Governments and communications companies can work together to give urban developments a global competitive advantage while offering new
revenue streams to CME companies say Peter Elliott and James Bennett
Vibrant and creative cities drive economic,social and cultural development. Governments focus on renovating existing cities and cultivating
new ones to act as a catalyst to development. This is now taking place on an unprecedented scale. The integration of ICT with development projects
can change the urban landscape by developing the Smart City. The Smart City can enhance the lives of citizens, encourage business to invest, and create a sustainable urban environment. City governments have an opportunity to ensure ICT infrastructure is integrated with the changing city, and communications companies can support this vision to mutual advantage.
The Smart City requires a ubiquitous ultra-high speed network infrastructure, fixed and wireless, that allows people, business and government to connect
with each other and the systems that manage the infrastructure and services of the city. The network provides valuable real-time data about the urban environment to Smart City applications and ser vice providers.
Importantly, this information is:
This information can enable a myriad number of services:
Transport – traffic flow management,speed control,congestion charging, information systems, vehicle tracking, onboard safety
Public safety and security – access control systems,alarm monitoring, emergency warning and situation management
Transactions – electronic funds transfer
Public services – remote patient monitoring, patient records management, education/ learning networks
Identity – biometric/smart card systems
Utilities – facilities management, climate control,meter monitoring, energy generation and storage management, leak detection and network management
Environment – data collection and monitoring.
Many of these services are envisioned today and some have been implemented in isolation with limited capability. However the intelligence and integration of the Smart City infrastructure can:
Enhance the social environment – by integrating community services such as health, education, identity and payment systems
Manage the built environment more efficiently – homes, buildings, public spaces, transport systems and utilities – to predict and respond to changing conditions, enhancing quality of life and minimising
Offer consumers innovative services – the fastest internet access and innovative services available from any location, indoors and outdoors
Provide world-leading services to businesses – zero latency data connectivity, secure networks, low cost hosting and storage that make the city an attractive place to do business.
The Smart City infrastructure can therefore change the way the city is managed, improving delivery of public services and enhancing the lives of citizens. It can make a city a more attractive place to do business, not only by providing the infrastructure and services required by businesses but also by making a city a more attractive and prestigious place to live and work.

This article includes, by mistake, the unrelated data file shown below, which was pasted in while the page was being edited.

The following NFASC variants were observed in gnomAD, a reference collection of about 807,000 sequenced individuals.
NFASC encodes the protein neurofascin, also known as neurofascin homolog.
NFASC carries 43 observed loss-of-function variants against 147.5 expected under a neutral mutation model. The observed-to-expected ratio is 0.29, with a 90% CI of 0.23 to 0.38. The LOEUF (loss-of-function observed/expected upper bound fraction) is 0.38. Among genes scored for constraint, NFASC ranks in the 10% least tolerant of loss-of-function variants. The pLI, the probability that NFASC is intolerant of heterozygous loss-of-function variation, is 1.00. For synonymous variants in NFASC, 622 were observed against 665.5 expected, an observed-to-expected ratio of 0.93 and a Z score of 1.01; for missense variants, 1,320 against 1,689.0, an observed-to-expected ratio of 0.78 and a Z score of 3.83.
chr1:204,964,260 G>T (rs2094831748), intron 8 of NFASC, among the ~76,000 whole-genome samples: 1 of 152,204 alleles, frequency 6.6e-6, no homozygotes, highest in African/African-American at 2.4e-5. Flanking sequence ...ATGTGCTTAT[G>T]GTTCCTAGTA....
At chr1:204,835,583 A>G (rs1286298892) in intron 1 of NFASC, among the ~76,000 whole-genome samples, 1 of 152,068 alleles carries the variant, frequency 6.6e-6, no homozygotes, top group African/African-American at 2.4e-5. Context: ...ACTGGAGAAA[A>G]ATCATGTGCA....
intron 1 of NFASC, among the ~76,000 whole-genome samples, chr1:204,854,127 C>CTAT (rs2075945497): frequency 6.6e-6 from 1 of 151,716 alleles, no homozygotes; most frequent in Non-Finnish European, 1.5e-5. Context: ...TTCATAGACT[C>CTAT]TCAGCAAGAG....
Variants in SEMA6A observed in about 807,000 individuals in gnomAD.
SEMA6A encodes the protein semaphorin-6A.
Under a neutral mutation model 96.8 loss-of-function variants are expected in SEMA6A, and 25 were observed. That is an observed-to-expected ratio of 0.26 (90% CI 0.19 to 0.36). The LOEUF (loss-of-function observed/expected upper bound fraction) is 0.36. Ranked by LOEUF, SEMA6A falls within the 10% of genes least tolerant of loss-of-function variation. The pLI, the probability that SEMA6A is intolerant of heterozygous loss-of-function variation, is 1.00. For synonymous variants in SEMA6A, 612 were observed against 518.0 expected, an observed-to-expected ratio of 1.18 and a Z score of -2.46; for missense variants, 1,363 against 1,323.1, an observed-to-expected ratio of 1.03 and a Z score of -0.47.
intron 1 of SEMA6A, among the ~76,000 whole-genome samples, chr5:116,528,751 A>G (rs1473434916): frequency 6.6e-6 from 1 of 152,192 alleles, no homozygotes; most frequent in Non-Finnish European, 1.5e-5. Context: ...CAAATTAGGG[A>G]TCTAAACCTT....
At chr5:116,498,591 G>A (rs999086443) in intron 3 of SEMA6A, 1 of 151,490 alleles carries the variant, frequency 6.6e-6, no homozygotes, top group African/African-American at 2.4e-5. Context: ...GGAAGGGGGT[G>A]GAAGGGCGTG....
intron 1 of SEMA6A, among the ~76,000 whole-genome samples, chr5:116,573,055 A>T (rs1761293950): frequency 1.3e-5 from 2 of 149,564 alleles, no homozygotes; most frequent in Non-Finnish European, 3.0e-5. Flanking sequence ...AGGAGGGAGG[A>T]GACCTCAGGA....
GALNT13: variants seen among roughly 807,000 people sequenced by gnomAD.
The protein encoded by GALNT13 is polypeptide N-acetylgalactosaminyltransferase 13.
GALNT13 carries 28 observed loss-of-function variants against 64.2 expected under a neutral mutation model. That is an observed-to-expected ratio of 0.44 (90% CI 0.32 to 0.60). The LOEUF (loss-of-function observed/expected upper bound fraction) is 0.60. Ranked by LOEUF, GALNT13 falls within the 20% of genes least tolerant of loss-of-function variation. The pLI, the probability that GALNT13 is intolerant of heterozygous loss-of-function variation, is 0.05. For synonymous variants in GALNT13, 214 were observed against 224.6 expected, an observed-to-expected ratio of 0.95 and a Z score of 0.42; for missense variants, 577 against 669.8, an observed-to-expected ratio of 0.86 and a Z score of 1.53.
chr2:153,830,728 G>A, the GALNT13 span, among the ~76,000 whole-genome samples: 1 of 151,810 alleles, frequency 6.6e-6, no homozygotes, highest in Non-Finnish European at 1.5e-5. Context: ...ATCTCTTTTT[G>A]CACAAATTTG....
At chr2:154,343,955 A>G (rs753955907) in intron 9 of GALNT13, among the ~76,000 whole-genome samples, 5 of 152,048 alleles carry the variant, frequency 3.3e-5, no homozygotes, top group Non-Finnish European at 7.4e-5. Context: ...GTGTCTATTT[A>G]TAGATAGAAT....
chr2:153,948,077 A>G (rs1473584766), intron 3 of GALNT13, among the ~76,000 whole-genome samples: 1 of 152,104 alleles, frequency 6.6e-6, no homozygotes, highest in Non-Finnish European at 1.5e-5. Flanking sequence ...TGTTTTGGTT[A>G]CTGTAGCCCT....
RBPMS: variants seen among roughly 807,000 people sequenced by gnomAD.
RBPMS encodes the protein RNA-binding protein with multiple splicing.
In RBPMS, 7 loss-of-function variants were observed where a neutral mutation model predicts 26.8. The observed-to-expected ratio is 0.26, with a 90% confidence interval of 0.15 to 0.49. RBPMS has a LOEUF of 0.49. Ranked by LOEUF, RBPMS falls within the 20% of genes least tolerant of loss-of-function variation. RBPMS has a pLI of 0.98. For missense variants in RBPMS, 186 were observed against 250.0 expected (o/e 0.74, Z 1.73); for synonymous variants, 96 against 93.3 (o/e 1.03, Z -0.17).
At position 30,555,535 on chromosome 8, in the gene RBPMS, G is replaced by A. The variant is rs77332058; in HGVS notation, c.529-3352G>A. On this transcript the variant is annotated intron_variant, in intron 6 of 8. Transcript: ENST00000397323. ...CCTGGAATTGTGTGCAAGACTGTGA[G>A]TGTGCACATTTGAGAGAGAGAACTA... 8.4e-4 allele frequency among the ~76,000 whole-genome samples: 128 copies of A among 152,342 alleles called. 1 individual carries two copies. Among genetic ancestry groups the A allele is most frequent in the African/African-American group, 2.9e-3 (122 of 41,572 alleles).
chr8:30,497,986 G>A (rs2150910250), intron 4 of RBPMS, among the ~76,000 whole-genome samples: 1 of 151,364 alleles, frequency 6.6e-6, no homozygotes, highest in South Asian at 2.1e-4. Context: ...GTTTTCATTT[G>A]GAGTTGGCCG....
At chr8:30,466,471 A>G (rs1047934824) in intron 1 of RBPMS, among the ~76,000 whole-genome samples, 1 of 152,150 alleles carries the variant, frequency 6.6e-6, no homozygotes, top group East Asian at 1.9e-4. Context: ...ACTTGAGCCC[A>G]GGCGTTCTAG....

This is a key concern for multinationals that want to attract talent from a global talent pool. ICT can also help a city move to a sustainable future. Operational efficiency,reducing commuting times for example, can help this, but changing the way people live and work will also drive the development of the 21st century urban environment.
Competitive markets for provision of ICT infrastructure and services have developed in most countries around the world. However commercial service providers alone are unlikely to be able to deliver the ubiquitous high-speed access and shared platforms that will enable governments, business and citizens to realise the benefits of the Smart City. Local monopoly operators or duopolies have no incentive to create an open access network infrastructure that disturbs a potentially lucrative status quo. Competitive operators may have difficulty making the business case stack up without intervention from the public sector interested. in the broader benefits that a Smart City can deliver. There may therefore be a role for the public sector in directing investment.
City governments can respond in different ways, reflecting different degrees of confidence in the ability of a competitive market to deliver appropriate services to end users. Examples of the implementation of open access fibre networks show how approaches can differ:
In Stockholm a subsidiary of the municipality manages a city-wide passive fibre network that is open for use by all service providers to provide ultra-high speed services to homes and businesses
In Amsterdam the city government is working with commercial investors to build the passive fibre infrastructure. The municipality has selected a commercial operator to install equipment and provide capacity to service providers on an open access basis
In Singapore the government is promoting a similar model to Amsterdam, but offering subsidies to two commercial operators to build a passive fibre network and provide capacity to service providers. The government has also split the island into three areas and offered ISPs concessions to provide blanket WiFi coverage of public spaces such as parks and shopping centres.
The implementation of Smart City infrastructure creates opportunities for commercial service providers to build new revenues, either by providing the supporting infrastructure for Smart City applications, or by using this infrastructure to offer services to government, business or consumer markets. Governments and businesses can therefore work together to develop the ICT sector at the same time as offering urban developments the opportunity to build a competitive advantage in a crowded global market for cities.
Peter Elliott and James Bennet, PA Consulting, email@example.com